Professional wrestling is often a David vs Goliath story. A regular joe goes into battle against a hulking colossus, a beer swilling redneck fights against his corporate employers, or a small upstart promotion tries taking on the establishment. Killing the Business by Nick and Matt Jackson ("The Young Bucks") settles into this groove nicely. Smaller, athletic brothers (not twins, they'll point out) raised in the pro-wrestling oasis of Southern California, the Jacksons found international fame (and infamy) through hard work, luck, and more than a few missteps along the way. A breezy read, Killing the Business is among the best pro wrestling books published in the past few years. ~ Reviewed by Chris Linendoll
Once again, a new Murakami short story collection is upon us. Much like the recent Men Without Women, First Person Singular finds the legendary Murakami at a more grounded headspace than some of his previous work. Save for the one story featuring an English speaking, beer drinking monkey who works (and washes backs, apparently) at an inn, these stories find the author once again diving into the everyday.
As the title suggests, every story here is a first person narrative, though it can be argued most of the “I” in these tales is often not Haruki himself. Even the selection in which Murakami straightforwardly seems to be writing memoir features details that will be recognizably fiction to long time readers.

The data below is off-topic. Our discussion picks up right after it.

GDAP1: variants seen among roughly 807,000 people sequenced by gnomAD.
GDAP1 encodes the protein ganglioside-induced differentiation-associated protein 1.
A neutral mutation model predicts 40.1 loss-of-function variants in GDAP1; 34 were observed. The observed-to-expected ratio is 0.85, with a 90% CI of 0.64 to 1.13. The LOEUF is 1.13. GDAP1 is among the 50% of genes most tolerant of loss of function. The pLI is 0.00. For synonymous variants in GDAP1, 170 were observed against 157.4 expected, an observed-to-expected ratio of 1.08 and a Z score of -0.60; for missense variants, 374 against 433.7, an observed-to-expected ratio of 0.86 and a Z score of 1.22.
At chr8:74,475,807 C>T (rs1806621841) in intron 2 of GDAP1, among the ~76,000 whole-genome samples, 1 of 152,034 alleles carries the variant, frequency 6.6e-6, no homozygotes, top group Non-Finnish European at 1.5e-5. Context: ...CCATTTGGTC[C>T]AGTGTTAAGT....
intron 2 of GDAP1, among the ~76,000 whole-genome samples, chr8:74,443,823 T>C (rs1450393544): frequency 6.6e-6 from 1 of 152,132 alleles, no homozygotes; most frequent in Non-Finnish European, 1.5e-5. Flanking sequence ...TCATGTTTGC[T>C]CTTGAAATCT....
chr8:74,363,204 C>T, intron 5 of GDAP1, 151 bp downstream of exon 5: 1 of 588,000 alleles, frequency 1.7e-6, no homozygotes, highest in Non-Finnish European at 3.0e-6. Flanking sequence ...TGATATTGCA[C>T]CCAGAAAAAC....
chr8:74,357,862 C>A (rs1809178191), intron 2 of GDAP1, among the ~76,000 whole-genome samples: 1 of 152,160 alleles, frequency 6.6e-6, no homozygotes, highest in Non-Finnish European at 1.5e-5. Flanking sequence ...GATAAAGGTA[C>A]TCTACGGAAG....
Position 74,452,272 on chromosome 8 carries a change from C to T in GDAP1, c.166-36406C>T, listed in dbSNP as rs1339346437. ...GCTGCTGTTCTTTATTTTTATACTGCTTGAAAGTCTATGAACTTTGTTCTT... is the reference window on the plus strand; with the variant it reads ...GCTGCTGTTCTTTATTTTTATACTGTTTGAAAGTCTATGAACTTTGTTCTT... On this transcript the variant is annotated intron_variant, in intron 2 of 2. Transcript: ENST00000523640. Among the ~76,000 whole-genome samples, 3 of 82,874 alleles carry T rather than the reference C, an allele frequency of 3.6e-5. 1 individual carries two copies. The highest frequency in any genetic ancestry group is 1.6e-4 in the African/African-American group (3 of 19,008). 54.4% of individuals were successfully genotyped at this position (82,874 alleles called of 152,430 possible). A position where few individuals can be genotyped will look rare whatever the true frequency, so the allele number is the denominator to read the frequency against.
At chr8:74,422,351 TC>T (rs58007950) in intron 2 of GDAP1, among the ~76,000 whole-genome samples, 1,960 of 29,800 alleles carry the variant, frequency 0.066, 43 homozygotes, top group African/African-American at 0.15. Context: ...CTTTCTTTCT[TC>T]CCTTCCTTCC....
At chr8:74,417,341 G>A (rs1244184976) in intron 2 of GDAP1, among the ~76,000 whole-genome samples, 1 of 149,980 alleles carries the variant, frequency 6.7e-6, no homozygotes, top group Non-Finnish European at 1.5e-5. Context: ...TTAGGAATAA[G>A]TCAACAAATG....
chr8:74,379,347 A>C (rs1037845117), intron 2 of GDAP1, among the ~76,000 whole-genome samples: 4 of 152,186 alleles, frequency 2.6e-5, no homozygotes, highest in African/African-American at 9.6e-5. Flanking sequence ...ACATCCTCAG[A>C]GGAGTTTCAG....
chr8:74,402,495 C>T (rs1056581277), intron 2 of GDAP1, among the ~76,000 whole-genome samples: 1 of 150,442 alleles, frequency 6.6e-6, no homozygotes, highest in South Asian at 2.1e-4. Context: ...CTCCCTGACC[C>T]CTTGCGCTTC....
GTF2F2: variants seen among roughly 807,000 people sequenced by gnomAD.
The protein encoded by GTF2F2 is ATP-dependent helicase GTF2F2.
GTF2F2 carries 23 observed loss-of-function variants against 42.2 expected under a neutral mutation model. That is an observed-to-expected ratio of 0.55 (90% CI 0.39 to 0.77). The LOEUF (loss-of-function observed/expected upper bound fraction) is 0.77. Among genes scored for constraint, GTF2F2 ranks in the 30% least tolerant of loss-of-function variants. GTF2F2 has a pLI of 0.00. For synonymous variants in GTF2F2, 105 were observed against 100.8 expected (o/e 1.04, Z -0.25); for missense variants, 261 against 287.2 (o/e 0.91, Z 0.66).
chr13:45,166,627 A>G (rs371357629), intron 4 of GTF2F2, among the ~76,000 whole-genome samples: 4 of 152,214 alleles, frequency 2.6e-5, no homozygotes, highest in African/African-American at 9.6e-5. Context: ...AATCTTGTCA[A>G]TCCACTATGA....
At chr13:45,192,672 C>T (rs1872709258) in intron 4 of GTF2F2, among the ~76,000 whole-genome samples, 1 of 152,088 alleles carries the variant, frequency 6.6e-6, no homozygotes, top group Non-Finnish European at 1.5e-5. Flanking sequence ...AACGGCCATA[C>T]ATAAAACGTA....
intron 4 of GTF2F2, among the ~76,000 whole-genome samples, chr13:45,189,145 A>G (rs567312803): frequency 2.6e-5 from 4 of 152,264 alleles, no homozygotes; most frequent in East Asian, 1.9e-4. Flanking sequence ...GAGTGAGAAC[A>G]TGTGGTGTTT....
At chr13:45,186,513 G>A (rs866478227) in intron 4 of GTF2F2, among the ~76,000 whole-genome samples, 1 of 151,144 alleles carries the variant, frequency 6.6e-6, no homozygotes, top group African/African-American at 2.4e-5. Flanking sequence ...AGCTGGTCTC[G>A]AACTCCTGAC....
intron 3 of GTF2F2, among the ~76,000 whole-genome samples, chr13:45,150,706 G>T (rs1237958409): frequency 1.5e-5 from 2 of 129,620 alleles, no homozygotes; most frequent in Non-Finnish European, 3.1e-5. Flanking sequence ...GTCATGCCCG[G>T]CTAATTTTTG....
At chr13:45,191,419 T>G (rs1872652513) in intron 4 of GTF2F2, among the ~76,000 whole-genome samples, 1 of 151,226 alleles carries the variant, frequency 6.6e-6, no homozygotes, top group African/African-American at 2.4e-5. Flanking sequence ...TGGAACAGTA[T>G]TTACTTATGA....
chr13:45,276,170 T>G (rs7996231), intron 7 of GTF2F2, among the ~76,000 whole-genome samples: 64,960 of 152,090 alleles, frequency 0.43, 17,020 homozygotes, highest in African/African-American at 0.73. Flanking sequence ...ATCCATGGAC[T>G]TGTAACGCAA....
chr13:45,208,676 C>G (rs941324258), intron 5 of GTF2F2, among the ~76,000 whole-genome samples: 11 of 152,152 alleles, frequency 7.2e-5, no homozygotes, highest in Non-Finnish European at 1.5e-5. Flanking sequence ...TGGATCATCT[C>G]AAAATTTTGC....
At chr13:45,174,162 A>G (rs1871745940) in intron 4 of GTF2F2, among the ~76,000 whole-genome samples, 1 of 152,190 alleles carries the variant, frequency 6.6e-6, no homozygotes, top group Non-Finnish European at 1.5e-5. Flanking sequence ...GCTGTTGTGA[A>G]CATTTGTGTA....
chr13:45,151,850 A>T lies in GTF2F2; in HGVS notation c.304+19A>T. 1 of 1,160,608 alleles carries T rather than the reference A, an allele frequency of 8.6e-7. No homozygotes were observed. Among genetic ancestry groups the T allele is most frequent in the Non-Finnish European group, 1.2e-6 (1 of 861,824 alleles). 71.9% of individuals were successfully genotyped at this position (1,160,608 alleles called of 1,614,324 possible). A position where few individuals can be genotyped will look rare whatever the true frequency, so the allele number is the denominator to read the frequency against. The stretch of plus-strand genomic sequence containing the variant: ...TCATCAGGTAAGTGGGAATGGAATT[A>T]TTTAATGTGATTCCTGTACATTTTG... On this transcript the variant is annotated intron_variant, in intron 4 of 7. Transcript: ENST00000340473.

Several of these stories have been featured in various literary magazines over the past half decade or so, but fans will be excited to have a new collection to dive into. For me, the pleasure and beauty of Murakami’s work is not what the words say, but how they make you feel. We’ve all been there; cheering on a hopeless local sports team, bothered by a nosy stranger at a bar, or having a fleeting memory of a friend turned stranger years ago. ~ Reviewed by Chris Linendoll
The first new Bright Eyes record in a decade doesn't disappoint. Producer extraordinaire Mike Mogis perfectly brings back that classic sound that fans have been looking for since The People's Key. Glitchy drums, reverb heavy vocals, and those odd little background noises could easily have fans thinking this was recorded alongside 2005's Digital Ash in a Digital Urn.Conor Oberst's lyrics are dark, and more outward looking than those of his more emo past, although who can blame the guy for not being all that enthused these days? ~ Reviewed by Chris Linendoll
Reductively, this is The Onion for music, and music-adjacent interests. Not only are the "headlines" eye catching and chuckle-worthy, but the articles are extremely clever and full of Easter eggs for those in the know. I'd go so far as to say this might be a must-buy for those interested. ~ Reviewed by Chris Linendoll